No college in America has a more storied history of national public service than the United States Military Academy (USMA) at West Point. West Point graduates include two presidents of the United States, so when there are allegations of cheating, it's a major story. Just this week, a spokesperson for West Point revealed that 73 cadets are accused of cheating during an exam in May.
Code of Honor
While academic probation might be a consequence of cheating at most colleges, at federal service academies, that kind of probation is reserved for sub-par grades. Each of the academies has an honor code that includes a prohibition on cheating. If found guilty of cheating, a cadet or midshipman faces honor probation as a possible consequence. Violations of the honor code can also result in expulsion from the academy. Because all but one of the accused in this incident were first-year cadets (freshmen), those that pled guilty were placed on honor probation for the rest of their time at USMA, and “enrolled in a six-month mentorship and rehabilitation program,” according to West Point's spokesperson. This means that any further violation of the honor code, “A cadet will not lie, cheat, steal, or tolerate those who do,” will probably result in expulsion. This could be for something that would be a trivial offense at a civilian college, such as lying about why you were late to class.
Other than Honorable
When cadets or midshipmen enter a service academy, they each enter a contract with their military service that requires they pay back their academy education with eight years of service as a commissioned officer after they graduate. If they fail to graduate, they can be made to repay the received portion of their education with service as an enlisted troop. Of the 73 cadets accused, 4 resigned. The repayment requirement of the contract does not come into force until a cadet or midshipman enters their second class (junior) year, so those that resigned, in this case, are not subject to repayment. Unfortunately, they will still have to explain the circumstances of their resignation to prospective colleges and employers in the future. For second class cadets (juniors) and first class cadets (seniors) facing expulsion, they may have to serve an enlistment of two to four years in the Army, putting their college and career dreams on hold. If the expulsion is a result of honor proceedings, the cadet may be found unsuitable for service and forced to repay the cost of their education in cash. With a West Point education valued at $225,000, that could be no small bill. Cadets are members of the Regular Army, so they also receive a military discharge; in this case, a discharge “under other than honorable conditions,” that will be reported to employers for the rest of their lives.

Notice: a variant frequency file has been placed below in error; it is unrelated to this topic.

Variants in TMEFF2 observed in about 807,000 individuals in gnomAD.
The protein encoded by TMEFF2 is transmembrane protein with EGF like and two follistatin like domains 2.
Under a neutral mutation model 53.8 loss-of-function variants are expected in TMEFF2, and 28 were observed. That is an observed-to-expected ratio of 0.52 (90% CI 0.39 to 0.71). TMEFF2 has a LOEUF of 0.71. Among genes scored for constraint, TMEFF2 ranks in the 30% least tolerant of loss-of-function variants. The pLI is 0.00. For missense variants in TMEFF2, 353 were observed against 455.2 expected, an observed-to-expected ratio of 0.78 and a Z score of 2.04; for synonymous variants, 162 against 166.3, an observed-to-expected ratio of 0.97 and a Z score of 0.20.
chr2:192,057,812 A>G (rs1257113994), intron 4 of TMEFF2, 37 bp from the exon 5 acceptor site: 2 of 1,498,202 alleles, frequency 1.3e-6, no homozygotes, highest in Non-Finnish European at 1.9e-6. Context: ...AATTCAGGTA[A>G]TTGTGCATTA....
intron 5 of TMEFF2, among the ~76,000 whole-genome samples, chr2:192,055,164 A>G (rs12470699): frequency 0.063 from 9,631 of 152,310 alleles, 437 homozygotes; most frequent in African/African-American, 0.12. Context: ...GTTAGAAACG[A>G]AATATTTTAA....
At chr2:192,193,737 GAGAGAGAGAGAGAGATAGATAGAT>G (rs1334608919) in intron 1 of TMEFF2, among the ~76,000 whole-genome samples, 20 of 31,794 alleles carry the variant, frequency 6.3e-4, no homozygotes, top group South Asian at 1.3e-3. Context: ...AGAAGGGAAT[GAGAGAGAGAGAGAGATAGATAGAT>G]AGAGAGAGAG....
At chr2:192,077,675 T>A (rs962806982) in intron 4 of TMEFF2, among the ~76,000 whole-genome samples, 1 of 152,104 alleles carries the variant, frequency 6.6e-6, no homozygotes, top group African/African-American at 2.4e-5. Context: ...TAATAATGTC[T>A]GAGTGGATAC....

In this incident at West Point, eight of the cadets involved have maintained their innocence and will face honor investigative hearings. A cadet or midshipman facing such a hearing is well advised to:
- Say nothing, even in defense
- Ask for the specifics of the allegation, including copies of all evidence
- Understand the investigative process, particularly timelines, which can be as short as three days for some steps
- Know possible outcomes of decisions by the accused and administration at each stage of the process and the associated consequences
- Get help from an attorney-advisor before making any decisions
West Point cadets have a right to consult counsel during the separation process, even if they are considering resigning instead of facing honor proceedings. It is imperative that cadets and midshipmen have the best possible chance at fair, just outcomes. Joseph D. Lento is tenacious in ensuring the accused's interests are paramount at every step in the process. The government and schools have their lawyers--put the Lento Law Firm to work for you--call 888-535-3686 today.